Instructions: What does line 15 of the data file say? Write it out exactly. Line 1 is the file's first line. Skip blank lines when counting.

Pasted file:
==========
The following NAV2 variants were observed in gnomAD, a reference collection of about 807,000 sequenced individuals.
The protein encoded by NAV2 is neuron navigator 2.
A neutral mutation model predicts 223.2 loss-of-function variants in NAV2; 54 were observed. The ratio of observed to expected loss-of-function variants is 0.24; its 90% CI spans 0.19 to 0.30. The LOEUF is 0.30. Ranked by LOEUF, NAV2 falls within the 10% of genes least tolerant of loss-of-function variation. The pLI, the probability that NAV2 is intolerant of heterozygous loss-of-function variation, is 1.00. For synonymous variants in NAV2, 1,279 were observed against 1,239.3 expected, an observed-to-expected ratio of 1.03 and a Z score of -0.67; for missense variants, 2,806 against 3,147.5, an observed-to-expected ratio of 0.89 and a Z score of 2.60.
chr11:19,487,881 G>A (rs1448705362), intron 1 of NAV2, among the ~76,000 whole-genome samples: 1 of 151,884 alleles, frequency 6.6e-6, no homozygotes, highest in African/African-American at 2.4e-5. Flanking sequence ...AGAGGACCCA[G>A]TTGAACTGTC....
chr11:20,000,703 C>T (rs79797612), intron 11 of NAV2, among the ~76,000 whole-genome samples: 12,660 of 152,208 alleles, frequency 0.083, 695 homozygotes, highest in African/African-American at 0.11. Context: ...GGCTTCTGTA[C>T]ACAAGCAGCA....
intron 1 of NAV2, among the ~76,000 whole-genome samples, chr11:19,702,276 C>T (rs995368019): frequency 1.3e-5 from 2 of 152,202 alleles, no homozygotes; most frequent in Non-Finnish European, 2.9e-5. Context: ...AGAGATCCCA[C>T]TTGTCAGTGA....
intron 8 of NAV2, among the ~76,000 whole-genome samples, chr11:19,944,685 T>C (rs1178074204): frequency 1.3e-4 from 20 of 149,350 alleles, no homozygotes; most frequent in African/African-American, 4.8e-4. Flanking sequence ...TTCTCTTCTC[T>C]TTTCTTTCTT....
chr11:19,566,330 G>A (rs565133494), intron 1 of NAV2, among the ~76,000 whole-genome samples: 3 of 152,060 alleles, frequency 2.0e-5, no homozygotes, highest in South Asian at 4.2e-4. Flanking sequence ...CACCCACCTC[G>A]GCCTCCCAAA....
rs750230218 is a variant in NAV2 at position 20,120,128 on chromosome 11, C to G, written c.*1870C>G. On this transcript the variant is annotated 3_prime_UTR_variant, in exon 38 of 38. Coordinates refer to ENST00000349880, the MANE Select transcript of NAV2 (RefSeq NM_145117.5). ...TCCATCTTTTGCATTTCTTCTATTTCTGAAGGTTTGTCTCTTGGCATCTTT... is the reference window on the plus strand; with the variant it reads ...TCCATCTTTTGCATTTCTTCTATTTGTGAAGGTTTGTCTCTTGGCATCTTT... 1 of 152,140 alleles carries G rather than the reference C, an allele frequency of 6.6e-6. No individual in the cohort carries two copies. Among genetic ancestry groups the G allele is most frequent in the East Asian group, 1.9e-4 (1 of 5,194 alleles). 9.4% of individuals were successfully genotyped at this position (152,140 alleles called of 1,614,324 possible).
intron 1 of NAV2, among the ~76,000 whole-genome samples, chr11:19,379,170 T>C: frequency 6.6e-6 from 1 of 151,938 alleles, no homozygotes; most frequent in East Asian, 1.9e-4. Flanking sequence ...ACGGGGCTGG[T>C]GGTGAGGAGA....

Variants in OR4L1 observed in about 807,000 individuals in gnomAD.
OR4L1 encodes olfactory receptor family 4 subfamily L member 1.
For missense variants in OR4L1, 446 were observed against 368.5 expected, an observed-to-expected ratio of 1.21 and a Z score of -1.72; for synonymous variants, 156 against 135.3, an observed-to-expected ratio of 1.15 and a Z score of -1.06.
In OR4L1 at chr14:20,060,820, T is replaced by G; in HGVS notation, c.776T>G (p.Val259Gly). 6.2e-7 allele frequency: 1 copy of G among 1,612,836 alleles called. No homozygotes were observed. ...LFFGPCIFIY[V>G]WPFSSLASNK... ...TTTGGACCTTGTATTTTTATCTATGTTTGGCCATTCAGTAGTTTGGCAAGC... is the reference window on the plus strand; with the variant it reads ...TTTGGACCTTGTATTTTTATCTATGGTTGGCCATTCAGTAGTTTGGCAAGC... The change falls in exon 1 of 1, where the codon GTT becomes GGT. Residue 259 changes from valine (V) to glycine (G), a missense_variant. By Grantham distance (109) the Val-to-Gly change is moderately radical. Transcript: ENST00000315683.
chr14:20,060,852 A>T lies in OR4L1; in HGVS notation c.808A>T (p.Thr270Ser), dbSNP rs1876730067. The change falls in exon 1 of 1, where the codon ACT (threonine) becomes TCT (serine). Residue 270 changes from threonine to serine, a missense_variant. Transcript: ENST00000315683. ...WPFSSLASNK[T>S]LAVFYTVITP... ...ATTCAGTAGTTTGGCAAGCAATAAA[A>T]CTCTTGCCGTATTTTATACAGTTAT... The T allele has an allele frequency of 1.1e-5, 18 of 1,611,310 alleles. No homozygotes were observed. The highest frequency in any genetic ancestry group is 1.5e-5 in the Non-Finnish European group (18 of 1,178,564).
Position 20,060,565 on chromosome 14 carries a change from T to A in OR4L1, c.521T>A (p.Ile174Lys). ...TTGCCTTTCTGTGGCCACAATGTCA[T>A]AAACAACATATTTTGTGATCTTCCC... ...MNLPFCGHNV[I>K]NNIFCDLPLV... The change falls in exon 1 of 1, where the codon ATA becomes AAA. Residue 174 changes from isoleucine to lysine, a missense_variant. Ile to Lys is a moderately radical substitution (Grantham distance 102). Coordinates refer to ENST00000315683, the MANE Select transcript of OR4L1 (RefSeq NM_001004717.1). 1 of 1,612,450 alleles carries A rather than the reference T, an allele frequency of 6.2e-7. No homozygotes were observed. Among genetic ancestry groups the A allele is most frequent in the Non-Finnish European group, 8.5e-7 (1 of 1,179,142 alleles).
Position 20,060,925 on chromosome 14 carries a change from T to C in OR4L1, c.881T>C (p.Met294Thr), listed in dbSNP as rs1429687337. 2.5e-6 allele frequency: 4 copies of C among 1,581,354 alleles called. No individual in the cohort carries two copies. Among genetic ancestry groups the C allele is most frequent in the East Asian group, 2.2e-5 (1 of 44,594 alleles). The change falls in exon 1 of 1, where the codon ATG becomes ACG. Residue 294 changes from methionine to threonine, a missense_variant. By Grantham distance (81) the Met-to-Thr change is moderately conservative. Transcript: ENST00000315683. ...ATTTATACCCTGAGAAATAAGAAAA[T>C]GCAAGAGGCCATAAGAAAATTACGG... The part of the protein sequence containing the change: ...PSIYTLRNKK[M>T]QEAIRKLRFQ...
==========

chr14:20,060,852 A>T lies in OR4L1; in HGVS notation c.808A>T (p.Thr270Ser), dbSNP rs1876730067. The change falls in exon 1 of 1, where the codon ACT (threonine) becomes TCT (serine). Residue 270 changes from threonine to serine, a missense_variant. Transcript: ENST00000315683. ...WPFSSLASNK[T>S]LAVFYTVITP... ...ATTCAGTAGTTTGGCAAGCAATAAA[A>T]CTCTTGCCGTATTTTATACAGTTAT... The T allele has an allele frequency of 1.1e-5, 18 of 1,611,310 alleles. No homozygotes were observed. The highest frequency in any genetic ancestry group is 1.5e-5 in the Non-Finnish European group (18 of 1,178,564).